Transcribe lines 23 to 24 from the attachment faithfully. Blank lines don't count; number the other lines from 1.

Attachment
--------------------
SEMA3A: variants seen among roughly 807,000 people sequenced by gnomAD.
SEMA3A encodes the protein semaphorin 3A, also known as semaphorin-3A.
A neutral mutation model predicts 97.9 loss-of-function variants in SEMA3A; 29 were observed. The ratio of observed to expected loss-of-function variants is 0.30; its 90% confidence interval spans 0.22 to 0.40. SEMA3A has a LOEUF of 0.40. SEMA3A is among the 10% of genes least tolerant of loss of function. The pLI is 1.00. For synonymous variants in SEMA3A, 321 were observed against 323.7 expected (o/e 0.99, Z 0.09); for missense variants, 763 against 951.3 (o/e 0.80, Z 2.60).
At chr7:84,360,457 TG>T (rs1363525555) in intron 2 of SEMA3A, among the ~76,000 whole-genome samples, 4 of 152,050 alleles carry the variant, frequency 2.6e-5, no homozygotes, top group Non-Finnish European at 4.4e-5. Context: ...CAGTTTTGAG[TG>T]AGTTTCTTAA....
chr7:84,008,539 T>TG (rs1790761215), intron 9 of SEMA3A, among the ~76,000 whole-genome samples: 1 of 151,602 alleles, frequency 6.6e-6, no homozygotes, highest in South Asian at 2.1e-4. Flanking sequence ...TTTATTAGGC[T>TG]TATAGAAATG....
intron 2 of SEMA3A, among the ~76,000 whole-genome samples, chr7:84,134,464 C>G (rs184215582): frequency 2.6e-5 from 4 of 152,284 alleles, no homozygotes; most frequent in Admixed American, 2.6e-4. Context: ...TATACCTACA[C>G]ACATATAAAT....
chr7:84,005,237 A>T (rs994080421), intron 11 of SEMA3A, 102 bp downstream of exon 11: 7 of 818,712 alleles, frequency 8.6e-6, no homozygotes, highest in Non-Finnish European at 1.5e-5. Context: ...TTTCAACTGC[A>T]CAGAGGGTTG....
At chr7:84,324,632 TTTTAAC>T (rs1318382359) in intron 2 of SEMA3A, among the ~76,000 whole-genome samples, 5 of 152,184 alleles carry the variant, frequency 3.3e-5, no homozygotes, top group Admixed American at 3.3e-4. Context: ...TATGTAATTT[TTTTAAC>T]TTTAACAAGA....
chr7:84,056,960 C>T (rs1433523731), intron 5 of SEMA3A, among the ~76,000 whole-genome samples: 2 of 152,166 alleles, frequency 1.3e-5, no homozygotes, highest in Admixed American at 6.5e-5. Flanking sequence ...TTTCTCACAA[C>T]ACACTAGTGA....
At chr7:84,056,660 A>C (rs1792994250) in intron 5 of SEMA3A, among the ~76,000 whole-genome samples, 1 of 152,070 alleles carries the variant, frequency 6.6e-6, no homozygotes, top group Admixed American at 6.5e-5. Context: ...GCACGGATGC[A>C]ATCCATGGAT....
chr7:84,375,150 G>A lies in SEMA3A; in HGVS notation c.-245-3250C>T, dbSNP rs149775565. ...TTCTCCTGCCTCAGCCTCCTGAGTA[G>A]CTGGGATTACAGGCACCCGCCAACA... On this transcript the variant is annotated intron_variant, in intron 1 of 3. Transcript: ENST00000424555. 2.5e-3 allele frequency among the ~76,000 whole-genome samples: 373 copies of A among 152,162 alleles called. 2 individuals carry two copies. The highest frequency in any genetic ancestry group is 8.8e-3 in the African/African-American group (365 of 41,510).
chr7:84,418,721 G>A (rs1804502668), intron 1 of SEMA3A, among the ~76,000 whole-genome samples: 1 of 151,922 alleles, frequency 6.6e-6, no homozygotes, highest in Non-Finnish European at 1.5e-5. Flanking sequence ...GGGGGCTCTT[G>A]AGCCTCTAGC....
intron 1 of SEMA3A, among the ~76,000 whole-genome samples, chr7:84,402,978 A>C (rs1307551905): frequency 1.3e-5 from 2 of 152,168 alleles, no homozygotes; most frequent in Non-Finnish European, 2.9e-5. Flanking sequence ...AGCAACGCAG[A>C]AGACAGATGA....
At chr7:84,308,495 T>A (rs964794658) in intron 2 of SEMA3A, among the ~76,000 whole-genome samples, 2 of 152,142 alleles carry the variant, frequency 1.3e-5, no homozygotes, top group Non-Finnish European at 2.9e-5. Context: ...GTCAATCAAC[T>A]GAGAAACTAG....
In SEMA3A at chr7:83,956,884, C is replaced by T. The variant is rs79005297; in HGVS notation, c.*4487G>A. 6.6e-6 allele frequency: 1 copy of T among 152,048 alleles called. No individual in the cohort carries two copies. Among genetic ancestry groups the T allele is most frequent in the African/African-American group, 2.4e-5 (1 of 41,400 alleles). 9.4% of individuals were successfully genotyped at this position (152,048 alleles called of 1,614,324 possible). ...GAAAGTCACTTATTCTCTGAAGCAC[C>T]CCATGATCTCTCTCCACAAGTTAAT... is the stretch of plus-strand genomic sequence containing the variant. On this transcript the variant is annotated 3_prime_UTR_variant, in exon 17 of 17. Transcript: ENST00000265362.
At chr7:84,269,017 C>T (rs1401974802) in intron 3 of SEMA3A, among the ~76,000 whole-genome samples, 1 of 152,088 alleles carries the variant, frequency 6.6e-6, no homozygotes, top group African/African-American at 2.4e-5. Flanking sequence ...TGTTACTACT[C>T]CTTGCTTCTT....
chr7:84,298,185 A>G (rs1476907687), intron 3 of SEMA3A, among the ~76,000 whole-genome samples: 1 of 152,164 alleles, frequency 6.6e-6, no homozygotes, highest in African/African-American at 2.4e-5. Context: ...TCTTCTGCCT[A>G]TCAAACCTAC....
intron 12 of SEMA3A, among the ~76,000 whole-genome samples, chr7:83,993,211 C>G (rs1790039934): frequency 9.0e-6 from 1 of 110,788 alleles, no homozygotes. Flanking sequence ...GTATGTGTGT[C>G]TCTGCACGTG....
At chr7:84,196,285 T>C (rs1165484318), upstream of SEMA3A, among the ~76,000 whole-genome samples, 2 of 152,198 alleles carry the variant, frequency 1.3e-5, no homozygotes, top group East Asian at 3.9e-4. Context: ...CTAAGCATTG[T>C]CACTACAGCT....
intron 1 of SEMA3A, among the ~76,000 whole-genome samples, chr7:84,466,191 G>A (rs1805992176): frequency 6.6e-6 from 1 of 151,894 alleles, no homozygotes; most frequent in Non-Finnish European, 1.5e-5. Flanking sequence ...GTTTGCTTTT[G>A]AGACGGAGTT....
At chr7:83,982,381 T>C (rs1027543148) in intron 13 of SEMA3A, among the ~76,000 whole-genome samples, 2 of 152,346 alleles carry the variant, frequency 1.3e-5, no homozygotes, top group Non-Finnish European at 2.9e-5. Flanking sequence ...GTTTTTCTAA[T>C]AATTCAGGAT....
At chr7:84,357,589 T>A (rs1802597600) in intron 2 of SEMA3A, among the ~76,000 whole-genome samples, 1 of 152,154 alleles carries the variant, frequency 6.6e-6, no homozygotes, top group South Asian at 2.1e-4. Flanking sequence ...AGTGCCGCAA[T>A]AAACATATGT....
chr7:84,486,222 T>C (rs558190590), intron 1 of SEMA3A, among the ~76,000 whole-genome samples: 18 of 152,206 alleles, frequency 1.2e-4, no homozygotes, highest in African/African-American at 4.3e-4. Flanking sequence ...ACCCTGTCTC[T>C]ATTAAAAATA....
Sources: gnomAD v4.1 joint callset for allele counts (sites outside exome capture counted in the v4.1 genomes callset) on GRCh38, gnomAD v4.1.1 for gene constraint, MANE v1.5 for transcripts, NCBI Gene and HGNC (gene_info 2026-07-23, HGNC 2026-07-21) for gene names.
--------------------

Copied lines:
chr7:84,486,222 T>C (rs558190590), intron 1 of SEMA3A, among the ~76,000 whole-genome samples: 18 of 152,206 alleles, frequency 1.2e-4, no homozygotes, highest in African/African-American at 4.3e-4. Flanking sequence ...ACCCTGTCTC[T>C]ATTAAAAATA....
Sources: gnomAD v4.1 joint callset for allele counts (sites outside exome capture counted in the v4.1 genomes callset) on GRCh38, gnomAD v4.1.1 for gene constraint, MANE v1.5 for transcripts, NCBI Gene and HGNC (gene_info 2026-07-23, HGNC 2026-07-21) for gene names.